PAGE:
In my Upper Middle year at Exeter, eleventh grade anywhere else, I won a New England Wrestling Championship. A friend of my roommate came by the next evening and said in a tone both caustic and admiring, “Congratulations, you just got into Harvard.”
“(My mother) was disinterested in my enthusiasms unless they corresponded to hers. Even off on my own at boarding school, I was still pressed under the thumb of her judgment. I remember coming home with my great boy achievement, a New England wrestling championship, expecting to be fêted, only to have my mother say, ‘Oh good, now you can quit.’”
—Rock In A Landslide
There was a caricature of me in the yearbook the following spring, hopelessly entwined with a much beefier opponent but flashing the V sign for victory and displaying my missing front tooth—I had a false tooth on a “turtle,” a plastic plate molded to the roof of my mouth, that I took out when I competed, giving me a feral and frightening look. I wrestled at 140 pounds. The real joke of the caricature was that my much beefier opponent was my co-caption, Arthur Smiley, an extraordinarily gifted athlete who competed at heavyweight. I held my own once in an impromptu match with an Australian boy who wrestled 25 pounds heavier than me, but Arthur could have torn me limb from limb.
That summer, when I turned seventeen, I went on the Continental Tour by bicycle, traveling through England, France, Italy, and Austria. I took a camera with me, the same Baby Brownie Holiday Flash that I’d used in 1956 to photograph Roxanne, and the same camera we’d used to make the Stenka Razin and Dinner Party albums.
My older half sister, Christine, my father’s first child, was living in Paris. She was a strikingly beautiful woman who was working as a model and sharing an apartment with three other models. When I went to visit, she was out of sight, mysteriously sequestered, and her current boyfriend was dancing alone in the living room, dressed in a Sergeant Pepper-like costume. He was a photographer named Michael Cooper, and one of the roommates took me aside and told me he’d done the cover for the Beatles’ Sergeant Pepper album, released just a couple of months earlier. The scene was intimidating, but I managed to ask him how he’d done that cover; he told me they’d turned his whole studio into a giant collage and had the Beatles step into it.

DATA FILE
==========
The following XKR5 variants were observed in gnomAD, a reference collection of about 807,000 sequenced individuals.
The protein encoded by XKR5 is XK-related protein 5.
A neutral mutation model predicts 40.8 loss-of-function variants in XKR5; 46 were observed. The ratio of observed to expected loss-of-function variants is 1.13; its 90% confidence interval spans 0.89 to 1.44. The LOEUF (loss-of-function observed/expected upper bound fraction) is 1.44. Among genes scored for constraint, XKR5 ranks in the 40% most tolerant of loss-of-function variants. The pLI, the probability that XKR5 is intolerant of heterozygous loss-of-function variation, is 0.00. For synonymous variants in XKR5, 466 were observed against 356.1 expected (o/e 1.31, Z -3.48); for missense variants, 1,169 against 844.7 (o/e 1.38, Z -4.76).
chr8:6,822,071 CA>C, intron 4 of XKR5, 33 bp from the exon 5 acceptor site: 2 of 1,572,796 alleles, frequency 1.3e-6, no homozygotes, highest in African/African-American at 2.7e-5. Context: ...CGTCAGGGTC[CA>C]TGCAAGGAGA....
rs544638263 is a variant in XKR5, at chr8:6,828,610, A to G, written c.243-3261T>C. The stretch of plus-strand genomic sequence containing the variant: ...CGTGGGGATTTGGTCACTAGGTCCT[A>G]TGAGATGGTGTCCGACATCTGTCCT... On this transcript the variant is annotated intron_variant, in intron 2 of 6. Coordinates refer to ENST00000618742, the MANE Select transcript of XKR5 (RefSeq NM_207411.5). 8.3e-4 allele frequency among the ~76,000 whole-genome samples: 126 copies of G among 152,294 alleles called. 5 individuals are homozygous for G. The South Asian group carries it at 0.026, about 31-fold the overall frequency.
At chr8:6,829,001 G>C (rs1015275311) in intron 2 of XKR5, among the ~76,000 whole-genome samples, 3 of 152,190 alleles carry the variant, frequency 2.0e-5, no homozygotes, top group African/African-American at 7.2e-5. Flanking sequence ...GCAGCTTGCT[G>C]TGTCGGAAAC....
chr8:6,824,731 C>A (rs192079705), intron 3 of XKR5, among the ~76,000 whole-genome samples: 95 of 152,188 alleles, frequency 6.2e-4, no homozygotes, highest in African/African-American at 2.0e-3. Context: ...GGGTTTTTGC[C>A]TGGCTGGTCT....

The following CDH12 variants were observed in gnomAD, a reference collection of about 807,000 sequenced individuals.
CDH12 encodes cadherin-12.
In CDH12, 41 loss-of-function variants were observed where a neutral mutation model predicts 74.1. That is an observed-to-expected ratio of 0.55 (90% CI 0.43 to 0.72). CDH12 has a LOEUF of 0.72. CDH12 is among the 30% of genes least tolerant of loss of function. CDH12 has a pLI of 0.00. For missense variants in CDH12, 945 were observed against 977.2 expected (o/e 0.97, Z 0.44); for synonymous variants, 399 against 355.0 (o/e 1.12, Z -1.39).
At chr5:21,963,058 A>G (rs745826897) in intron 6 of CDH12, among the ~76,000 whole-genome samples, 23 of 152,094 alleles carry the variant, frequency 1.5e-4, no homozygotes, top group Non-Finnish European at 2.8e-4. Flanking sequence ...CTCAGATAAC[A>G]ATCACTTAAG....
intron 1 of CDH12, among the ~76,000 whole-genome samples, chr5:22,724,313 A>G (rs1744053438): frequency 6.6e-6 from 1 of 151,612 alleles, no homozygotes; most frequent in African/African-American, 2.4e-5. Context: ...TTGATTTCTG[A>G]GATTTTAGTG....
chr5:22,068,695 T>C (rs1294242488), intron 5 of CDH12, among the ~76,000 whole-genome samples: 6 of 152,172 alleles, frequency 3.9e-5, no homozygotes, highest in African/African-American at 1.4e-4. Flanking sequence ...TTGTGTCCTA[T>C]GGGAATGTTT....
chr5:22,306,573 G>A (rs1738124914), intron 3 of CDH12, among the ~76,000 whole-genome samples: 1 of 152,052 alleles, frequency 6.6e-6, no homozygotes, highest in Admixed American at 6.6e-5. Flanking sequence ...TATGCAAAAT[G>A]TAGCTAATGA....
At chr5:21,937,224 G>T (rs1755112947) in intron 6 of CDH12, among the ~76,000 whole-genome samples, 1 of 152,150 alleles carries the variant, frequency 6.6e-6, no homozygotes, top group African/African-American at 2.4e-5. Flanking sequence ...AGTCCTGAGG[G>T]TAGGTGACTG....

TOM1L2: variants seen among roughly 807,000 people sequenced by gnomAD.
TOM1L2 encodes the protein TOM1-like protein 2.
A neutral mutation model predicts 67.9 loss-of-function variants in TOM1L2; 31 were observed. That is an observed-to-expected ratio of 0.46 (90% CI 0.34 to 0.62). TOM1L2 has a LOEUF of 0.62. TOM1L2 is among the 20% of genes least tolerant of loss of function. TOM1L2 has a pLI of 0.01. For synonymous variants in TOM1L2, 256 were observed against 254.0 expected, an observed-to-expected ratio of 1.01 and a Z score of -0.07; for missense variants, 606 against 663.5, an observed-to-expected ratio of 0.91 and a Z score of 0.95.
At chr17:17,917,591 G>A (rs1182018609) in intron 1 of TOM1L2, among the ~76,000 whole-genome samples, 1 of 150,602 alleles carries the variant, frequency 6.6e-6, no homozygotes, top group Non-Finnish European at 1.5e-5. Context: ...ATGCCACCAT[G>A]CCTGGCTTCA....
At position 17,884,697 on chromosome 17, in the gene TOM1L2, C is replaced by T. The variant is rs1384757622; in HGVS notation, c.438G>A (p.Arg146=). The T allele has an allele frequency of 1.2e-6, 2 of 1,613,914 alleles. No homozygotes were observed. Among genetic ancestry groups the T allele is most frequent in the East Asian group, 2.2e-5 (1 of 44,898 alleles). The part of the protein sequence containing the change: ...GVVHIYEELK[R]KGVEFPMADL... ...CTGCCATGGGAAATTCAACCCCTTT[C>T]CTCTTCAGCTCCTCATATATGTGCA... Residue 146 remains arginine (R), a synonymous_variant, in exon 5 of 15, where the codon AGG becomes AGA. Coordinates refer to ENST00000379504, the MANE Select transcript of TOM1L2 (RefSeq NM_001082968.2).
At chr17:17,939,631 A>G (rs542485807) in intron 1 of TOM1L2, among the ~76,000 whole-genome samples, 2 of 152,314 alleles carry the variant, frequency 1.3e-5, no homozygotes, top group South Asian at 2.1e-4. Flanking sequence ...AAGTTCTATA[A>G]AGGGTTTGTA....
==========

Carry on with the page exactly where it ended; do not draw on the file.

Cooper had left by the time my sister emerged, and she and her roommates took me out to get lunch. The four models took my arms, two on each side, to promenade down one of the wide Parisian sidewalks. Beautiful young women, friends from the fashion world, kept appearing and joining our line, till I was walking arm in arm with twenty stunning women. I was thrilled, embarrassed, and delighted. A photographer darted in front of us and took a picture.
That Christmas, in the middle of my senior year in high school, my stepfather gave me a Cavalier Auto Reflex camera, and I started taking pictures in earnest. I have a complicated memory of that day. We had a guest, a young man who left during the evening and ran off the road not far from our house. He appeared back at the front door bleeding copiously from a head wound. I raised my new camera, and my stepfather shut me down, calling me “horrible boy” for wanting to make a photograph of that dramatic moment. I’ve often wondered if any instincts I had to photograph calamity were quashed in that moment. I never did have whatever it took to take pictures of real violence, whether it was the riots I saw in college or the bar fights I saw on assignment in Wyoming—or the dead young woman I came upon in an abandoned building in New York City. When I was teaching, years later, I heard of a colleague who would stage his own arrest during one of his classes. The idea was, the students who didn’t respond by taking pictures didn’t have whatever it took to be a photojournalist. That probably would have been me.